Well, not a glass steagall, more like a paper steagall. As a matter of fact no steagall at all. Oh-my-God! I just love it. I wish I were sorry to be thinking, “I told you so,” but I can’t help myself.
In case you don’t know about Glass Steagall let me remind you:
The Glass-Steagall Act is the Depression-era law that separated commercial and investment banking. It was functionally repealed in 1998, when Travelers (the parent company of Salomon Smith Barney) acquired Citicorp. And it was officially repealed in 1999. But recent events on Wall Street-the failure or sale of three of the five largest independent investment banks-have effectively turned back the clock to the 1920s, when investment banks and commercial banks cohabited under the same corporate umbrella.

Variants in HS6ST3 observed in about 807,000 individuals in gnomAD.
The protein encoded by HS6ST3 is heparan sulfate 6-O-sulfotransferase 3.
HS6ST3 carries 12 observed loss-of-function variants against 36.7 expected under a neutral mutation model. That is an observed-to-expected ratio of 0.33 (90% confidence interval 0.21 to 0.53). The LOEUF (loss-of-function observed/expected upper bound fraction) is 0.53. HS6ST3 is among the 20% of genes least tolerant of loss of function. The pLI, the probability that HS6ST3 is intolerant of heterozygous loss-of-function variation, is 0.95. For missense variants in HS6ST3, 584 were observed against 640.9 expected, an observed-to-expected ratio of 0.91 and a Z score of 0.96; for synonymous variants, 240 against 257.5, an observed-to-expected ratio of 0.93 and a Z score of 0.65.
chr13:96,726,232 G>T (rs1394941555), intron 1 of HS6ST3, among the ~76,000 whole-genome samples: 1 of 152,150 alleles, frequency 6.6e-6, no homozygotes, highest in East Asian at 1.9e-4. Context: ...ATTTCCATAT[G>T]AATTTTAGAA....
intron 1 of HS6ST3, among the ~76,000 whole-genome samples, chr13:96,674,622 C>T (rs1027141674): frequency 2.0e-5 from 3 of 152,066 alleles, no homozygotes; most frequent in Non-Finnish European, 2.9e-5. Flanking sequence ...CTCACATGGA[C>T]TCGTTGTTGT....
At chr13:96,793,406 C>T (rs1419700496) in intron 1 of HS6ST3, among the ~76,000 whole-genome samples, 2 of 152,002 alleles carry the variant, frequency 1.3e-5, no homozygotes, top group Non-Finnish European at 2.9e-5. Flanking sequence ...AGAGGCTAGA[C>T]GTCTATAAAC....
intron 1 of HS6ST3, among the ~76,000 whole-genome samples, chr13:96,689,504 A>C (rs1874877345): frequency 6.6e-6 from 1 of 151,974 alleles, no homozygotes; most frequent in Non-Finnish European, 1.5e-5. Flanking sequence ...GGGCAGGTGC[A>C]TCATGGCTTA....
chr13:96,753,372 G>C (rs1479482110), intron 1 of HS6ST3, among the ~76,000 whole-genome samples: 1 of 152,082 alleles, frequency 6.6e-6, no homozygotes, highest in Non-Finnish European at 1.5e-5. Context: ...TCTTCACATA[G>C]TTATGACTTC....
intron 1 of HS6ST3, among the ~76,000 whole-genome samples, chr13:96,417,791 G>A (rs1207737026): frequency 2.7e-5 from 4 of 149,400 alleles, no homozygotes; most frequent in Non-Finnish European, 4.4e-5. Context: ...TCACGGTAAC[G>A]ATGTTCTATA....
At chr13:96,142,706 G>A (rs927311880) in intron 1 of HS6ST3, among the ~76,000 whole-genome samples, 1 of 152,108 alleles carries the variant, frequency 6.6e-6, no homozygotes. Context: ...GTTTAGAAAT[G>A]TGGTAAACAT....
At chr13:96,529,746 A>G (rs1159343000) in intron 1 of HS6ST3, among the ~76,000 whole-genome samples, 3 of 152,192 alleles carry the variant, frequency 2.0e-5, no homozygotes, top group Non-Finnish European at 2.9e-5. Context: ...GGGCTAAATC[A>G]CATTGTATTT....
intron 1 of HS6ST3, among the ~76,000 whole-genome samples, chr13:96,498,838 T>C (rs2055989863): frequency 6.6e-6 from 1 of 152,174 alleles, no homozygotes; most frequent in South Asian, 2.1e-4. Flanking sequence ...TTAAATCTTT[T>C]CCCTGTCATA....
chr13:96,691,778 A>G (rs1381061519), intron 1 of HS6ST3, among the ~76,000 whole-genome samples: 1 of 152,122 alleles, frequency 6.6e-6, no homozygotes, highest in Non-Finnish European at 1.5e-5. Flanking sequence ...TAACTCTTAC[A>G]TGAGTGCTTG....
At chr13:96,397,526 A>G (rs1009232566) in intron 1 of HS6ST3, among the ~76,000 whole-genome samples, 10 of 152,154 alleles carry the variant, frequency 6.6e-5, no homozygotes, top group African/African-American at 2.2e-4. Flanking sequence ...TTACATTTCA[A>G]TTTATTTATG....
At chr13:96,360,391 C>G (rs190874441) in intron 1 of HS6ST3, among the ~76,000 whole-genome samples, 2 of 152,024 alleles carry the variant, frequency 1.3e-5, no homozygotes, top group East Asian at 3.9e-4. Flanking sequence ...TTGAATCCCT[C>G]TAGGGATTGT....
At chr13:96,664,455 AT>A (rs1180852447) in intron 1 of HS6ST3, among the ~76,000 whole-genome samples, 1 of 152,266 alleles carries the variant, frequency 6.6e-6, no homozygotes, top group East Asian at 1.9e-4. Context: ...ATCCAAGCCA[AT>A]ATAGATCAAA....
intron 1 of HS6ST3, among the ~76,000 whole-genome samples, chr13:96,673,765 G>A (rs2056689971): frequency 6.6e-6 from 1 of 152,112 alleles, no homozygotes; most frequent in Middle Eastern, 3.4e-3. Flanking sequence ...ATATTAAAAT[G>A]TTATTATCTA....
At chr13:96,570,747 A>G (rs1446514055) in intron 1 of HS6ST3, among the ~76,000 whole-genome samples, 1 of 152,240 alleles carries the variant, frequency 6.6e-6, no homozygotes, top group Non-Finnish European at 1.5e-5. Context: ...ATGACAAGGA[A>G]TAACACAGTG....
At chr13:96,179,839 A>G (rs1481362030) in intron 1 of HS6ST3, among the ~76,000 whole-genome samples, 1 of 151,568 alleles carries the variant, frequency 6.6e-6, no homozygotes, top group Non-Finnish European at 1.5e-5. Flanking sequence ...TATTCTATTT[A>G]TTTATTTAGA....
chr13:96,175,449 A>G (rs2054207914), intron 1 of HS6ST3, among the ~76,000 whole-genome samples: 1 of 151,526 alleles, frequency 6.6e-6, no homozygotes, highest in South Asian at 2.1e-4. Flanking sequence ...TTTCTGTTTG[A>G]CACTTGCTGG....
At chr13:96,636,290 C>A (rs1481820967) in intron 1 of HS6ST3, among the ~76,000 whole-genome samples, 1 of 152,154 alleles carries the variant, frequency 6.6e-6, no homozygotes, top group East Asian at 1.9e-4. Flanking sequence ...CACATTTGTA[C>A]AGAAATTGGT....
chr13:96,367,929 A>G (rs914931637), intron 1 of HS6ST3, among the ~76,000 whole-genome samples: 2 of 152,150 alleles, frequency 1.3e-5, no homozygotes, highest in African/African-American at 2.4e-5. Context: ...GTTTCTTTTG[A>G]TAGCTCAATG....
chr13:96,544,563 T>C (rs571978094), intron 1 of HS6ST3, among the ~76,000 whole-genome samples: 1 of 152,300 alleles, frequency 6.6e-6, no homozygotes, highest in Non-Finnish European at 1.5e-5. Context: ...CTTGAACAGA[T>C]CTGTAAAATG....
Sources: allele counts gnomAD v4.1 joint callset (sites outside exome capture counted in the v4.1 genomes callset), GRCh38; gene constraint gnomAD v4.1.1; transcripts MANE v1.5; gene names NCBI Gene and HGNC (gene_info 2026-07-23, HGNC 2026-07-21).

--Daniel Gross, Newsweek
“Trust us,” said the members of he financial ruling class, “we’re too smart to get into trouble, too responsible to need regulation.” Yeah, sure. As always in a class war it’s the little guys who get screwed.
One bright note: It may cost us 85 billion, but at least we have a socialized insurance company to show for it. That’s a good first step.